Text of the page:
September 14, 2012
Fast Food Franchising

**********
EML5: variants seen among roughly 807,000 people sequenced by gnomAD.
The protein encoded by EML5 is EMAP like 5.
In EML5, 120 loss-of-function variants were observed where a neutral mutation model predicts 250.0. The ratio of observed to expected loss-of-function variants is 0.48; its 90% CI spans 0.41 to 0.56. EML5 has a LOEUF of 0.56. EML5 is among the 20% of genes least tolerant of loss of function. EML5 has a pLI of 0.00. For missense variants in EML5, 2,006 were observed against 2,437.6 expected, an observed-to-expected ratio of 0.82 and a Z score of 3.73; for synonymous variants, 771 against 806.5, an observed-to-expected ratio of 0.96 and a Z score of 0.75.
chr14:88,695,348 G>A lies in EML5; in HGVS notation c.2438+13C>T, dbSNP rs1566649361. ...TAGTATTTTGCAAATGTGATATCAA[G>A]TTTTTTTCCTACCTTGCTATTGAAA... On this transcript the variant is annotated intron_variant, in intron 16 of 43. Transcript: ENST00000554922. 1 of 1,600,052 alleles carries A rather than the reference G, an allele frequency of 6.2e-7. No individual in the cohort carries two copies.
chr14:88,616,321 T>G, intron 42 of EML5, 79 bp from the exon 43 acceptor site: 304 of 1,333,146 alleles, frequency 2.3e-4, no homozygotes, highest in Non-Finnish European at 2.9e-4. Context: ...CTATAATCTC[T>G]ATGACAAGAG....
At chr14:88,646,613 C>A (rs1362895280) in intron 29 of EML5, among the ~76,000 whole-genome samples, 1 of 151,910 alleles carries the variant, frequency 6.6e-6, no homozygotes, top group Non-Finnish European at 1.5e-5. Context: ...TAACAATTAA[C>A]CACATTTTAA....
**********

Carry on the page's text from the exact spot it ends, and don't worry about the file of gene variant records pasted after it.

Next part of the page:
The movie “Supersize Me” strongly influences American people’s perspective on fast food and its effects on our bodies. It is a documentary type film that intricately exposes how dangerous a habitual diet from McDonald’s, or any fast food restaurant, can be to our health. Morgan Spurlock, the main character, made a pact with himself and his viewers to stick to a strict diet. He had to eat only food from McDonald’s for 30 days straight to see what changes it would make to his body. His doctors recorded as much as they could about his body, including his body fat, body mass index, his cholesterol level, etc., before and after his experiment to factually see the difference. He visited four different specialists, a general physician, a cardiologist, a gastroenterologist, and a nutritionist. The ending results were much unexpected. When one hears the statement, “A habitual diet from McDonald’s,” it sounds exaggerated. But frankly, recent studies have shown that each day, one in four Americans visits a fast food restaurant. The McDonald’s franchise alone feeds more than 46 million people a day, which is more than the entire population of Spain. That’s a 43% total of the USA fast food markets. All of this intake of unhealthy foods can cause huge disturbances to our bodies. This movie is living proof of that. Some of the changes recorded after the experiment were that Spurlock gained 24.5 pounds, a 13% body mass increase, and a high cholesterol level of 230. He even experienced mood swings, sexual dysfunction, and fat accumulation in his liver, which could be fatal. These signs are only a sample of many others that could come with an unhealthy diet involving too much fast food. Many people believe that eating fast food occasionally won’t cause any harm. This theory is correct, but with some exceptions.